Kelsey McLaughlin Gallery Animator

Jean Paul Lemieux, his Expressionist period and Le Découvreur

I paint because I like to paint. I have no theories. In my landscapes and my characters I try to express the solitude we all have to live with, and in each painting, the inner world of my memories. My external surroundings only interest me because they allow me to paint my inner world

- Jean Paul Lemieux, 1967

Jean Paul Lemieux was one of Canada’s most important painters of the twentieth century. His career as an artist was marked by his unwillingness to follow dominant artistic trends throughout his lifetime. By his classical period in 1956, Lemieux had developed a distinct style that led him to fame in the world of Canadian painting. This period would greatly influence his last period of Expressionism, during which Lemieux painted Le Découvreur, on view in the Ondaatje Gallery at the Art Gallery of Nova Scotia.

Lemieux was born on November 18, 1904 in Quebec City. In 1917, the family settled in Montreal and Lemieux was introduced to several respected Canadian artists who would inspire him to enroll at l’ École des Beaux-arts de Montreal to pursue a career as a painter. In the 1920s he travelled in Europe with his mother and found himself surrounded by the works of artists such as Paul Cezanne, Paul Gauguin, Pablo Picasso, and Henri Mattise. Lemieux felt restrained by the boundaries imposed at l’ École des Beaux-Arts, which prohibited modern art at the time. The influence of traditional practice at l ‘École des Beaux-Arts and contemporary movements such as Abstraction, Cubism, Fauvism and Surrealism resulted in Lemieux’s using certain Abstract techniques in his figurative paintings. Lemieux returned to his studies in and in 1937, he accepted a teaching job at l’École des Beaux-arts where he pursued his career as a painter, teacher, and art critic.

Lemieux's artistic style underwent several changes throughout the twentieth century and can be defined by five distinct periods: the Montreal period (1926-1937), the Primitive period (1940-1947) the Minimalist period (1951-1955), the Classical period (1956-1970) and finally his Expressionist period (1970-1990). Jean-Paul Lemieux remains most well-known for his classical period, marked by empty spaces, bare horizon lines and lonely figures. Often, painted as winter scenes using white, black, and green, his figures were painted in a refined colour palette of olive green, ochre, red, and other warm earth colours. In his previous periods, Lemieux painted directly from nature, but in his Classical period he began to paint in his studio from memory, much like the practice of the Abstract painters that were so popular at the time. This period is also defined by Lemieux’s move away from narrative painting, often scenes of everyday life influenced by Quebec regionalism, and embracing form and subject matter, focusing more on the figures and backgrounds rather than representing a narrative scene.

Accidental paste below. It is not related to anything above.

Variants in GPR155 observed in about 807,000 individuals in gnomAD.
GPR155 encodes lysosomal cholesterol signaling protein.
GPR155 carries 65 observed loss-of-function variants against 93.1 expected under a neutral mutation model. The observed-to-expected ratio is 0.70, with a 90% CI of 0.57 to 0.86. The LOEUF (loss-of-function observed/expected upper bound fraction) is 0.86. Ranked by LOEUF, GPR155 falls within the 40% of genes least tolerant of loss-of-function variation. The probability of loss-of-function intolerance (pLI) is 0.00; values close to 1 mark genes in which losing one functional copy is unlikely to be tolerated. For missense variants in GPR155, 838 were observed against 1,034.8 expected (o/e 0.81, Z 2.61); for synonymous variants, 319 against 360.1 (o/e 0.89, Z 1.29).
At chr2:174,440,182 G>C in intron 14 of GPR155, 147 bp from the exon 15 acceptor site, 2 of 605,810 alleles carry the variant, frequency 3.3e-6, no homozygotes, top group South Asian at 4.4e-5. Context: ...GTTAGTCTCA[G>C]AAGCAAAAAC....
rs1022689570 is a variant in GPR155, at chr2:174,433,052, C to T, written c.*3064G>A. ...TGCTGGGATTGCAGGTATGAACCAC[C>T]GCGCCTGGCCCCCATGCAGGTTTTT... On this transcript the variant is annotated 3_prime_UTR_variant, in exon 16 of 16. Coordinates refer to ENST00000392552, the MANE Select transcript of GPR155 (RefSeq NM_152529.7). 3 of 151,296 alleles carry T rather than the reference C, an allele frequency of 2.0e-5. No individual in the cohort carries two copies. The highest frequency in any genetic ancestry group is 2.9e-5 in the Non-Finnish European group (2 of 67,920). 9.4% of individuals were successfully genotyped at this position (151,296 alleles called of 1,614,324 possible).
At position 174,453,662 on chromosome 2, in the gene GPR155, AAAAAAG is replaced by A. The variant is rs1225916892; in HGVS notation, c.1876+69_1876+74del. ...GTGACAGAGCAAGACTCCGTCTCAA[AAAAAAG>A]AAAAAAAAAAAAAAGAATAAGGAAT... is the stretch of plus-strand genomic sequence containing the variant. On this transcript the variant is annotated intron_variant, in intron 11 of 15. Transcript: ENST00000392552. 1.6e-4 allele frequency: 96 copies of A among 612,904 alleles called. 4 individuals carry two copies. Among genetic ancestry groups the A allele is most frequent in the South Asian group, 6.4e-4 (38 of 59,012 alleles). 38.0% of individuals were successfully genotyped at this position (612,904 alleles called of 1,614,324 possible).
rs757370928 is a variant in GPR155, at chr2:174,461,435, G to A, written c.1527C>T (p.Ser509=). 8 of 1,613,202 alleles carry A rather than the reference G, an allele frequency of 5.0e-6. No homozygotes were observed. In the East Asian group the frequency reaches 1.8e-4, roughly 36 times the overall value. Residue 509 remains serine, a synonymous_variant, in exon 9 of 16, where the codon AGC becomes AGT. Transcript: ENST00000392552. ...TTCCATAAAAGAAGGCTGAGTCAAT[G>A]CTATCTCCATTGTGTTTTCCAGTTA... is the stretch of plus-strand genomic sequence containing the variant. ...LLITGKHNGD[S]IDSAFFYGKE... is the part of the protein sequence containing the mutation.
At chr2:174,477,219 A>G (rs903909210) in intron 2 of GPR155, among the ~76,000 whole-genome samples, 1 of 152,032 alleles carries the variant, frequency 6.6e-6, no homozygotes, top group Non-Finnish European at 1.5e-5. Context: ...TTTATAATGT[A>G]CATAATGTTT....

In Le Découvreur, we can see many of the themes and conventions used by Lemieux from his Classical period onward. The painting depicts a bleak, horizontal winter landscape: a white island surrounded by dark green waters. Just left of center in the foreground stands a man, depicted from the waist up. He is wearing a black winter coat with dark green trim that matches a dark green hat atop his head. The dark colours used to depict the figure and water are drastically contrasted in the bleak white of the landscape. The figure is also wearing black sunglasses, and although we cannot see his eyes, his expression seems to be one of despondence. In the background there is another figure, far away and walking through the snow, leaving a faint footpath behind them. In the foreground is a red canoe, suggesting that either one or both figures have used it to access the island, hence its title Le Découvreur, which translates to The Discoverer.

Le Découvreur communicates an overwhelming sense of loneliness and uncertainty. The vastness of the landscape seems small, yet large. The sense of distance between the figures recalls ideas of time and space: how far apart are the figures from one another? How far has the central figure travelled from his boat? How much time will it take the figure in the background to reach the figure in the foreground? The vastness depicted through this distance highlights the solitude and loneliness often depicted by Lemieux’s human subjects during this period.

Throughout his career, Lemieux remained faithful to a figurative style, even if it meant being on the outside of the dominant artistic movements such as Abstraction. As a critic, he believed in the idea that art reflected the time in which it was made. The psychological stress of the modern period can be viewed in the bleakness of Le Découvreur, with its themes of time, space, and human solitude. Le Découvreur is an excellent representation of how Lemieux was able to translate these abstract themes into seemingly simple figurative painting, creating his own distinct style of Modernism for which he is remembered today.

Image Credit: 

Jean Paul Lemieux

Le Découvreur, 1976
Oil on canvas, 74.7 x 206.0 cm, 1994.246.
Gift of Christopher Ondaatje, Toronto, Ontario, 1994